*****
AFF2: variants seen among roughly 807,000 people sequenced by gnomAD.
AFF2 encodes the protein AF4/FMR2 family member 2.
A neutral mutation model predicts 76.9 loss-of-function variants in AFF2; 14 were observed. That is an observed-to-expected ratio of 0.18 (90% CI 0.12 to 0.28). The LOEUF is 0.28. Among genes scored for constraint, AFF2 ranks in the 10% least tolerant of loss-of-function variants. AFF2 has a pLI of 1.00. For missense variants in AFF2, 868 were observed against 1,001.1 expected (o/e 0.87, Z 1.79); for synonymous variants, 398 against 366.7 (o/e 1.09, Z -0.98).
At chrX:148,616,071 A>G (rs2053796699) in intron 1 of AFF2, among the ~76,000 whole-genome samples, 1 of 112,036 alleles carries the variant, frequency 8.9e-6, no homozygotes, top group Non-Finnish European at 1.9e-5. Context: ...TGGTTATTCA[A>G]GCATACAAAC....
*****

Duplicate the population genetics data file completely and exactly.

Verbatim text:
AFF2: variants seen among roughly 807,000 people sequenced by gnomAD.
AFF2 encodes the protein AF4/FMR2 family member 2.
A neutral mutation model predicts 76.9 loss-of-function variants in AFF2; 14 were observed. That is an observed-to-expected ratio of 0.18 (90% CI 0.12 to 0.28). The LOEUF is 0.28. Among genes scored for constraint, AFF2 ranks in the 10% least tolerant of loss-of-function variants. AFF2 has a pLI of 1.00. For missense variants in AFF2, 868 were observed against 1,001.1 expected (o/e 0.87, Z 1.79); for synonymous variants, 398 against 366.7 (o/e 1.09, Z -0.98).
At chrX:148,616,071 A>G (rs2053796699) in intron 1 of AFF2, among the ~76,000 whole-genome samples, 1 of 112,036 alleles carries the variant, frequency 8.9e-6, no homozygotes, top group Non-Finnish European at 1.9e-5. Context: ...TGGTTATTCA[A>G]GCATACAAAC....